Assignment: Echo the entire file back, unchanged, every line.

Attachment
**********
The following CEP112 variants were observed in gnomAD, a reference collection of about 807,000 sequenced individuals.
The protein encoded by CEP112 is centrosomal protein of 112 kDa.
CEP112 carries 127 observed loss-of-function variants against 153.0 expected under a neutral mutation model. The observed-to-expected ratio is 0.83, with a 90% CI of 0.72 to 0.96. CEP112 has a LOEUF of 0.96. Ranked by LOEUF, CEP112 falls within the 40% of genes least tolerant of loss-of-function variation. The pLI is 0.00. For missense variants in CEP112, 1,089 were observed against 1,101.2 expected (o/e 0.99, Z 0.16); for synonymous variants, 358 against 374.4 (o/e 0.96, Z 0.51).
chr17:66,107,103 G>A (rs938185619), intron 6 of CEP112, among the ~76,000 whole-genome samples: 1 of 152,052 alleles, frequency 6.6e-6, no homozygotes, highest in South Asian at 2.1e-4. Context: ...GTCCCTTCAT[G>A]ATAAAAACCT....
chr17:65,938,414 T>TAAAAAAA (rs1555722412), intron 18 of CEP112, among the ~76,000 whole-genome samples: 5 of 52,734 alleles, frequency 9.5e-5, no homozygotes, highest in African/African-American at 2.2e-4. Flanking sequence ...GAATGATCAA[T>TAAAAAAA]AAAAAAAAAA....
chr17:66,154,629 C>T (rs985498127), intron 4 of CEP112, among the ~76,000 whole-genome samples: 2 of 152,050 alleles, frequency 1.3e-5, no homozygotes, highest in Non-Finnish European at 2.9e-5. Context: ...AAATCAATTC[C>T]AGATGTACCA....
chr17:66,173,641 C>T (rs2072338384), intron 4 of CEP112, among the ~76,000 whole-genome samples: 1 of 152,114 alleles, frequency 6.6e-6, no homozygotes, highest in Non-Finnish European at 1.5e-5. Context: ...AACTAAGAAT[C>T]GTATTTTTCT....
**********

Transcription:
The following CEP112 variants were observed in gnomAD, a reference collection of about 807,000 sequenced individuals.
The protein encoded by CEP112 is centrosomal protein of 112 kDa.
CEP112 carries 127 observed loss-of-function variants against 153.0 expected under a neutral mutation model. The observed-to-expected ratio is 0.83, with a 90% CI of 0.72 to 0.96. CEP112 has a LOEUF of 0.96. Ranked by LOEUF, CEP112 falls within the 40% of genes least tolerant of loss-of-function variation. The pLI is 0.00. For missense variants in CEP112, 1,089 were observed against 1,101.2 expected (o/e 0.99, Z 0.16); for synonymous variants, 358 against 374.4 (o/e 0.96, Z 0.51).
chr17:66,107,103 G>A (rs938185619), intron 6 of CEP112, among the ~76,000 whole-genome samples: 1 of 152,052 alleles, frequency 6.6e-6, no homozygotes, highest in South Asian at 2.1e-4. Context: ...GTCCCTTCAT[G>A]ATAAAAACCT....
chr17:65,938,414 T>TAAAAAAA (rs1555722412), intron 18 of CEP112, among the ~76,000 whole-genome samples: 5 of 52,734 alleles, frequency 9.5e-5, no homozygotes, highest in African/African-American at 2.2e-4. Flanking sequence ...GAATGATCAA[T>TAAAAAAA]AAAAAAAAAA....
chr17:66,154,629 C>T (rs985498127), intron 4 of CEP112, among the ~76,000 whole-genome samples: 2 of 152,050 alleles, frequency 1.3e-5, no homozygotes, highest in Non-Finnish European at 2.9e-5. Context: ...AAATCAATTC[C>T]AGATGTACCA....
chr17:66,173,641 C>T (rs2072338384), intron 4 of CEP112, among the ~76,000 whole-genome samples: 1 of 152,114 alleles, frequency 6.6e-6, no homozygotes, highest in Non-Finnish European at 1.5e-5. Context: ...AACTAAGAAT[C>T]GTATTTTTCT....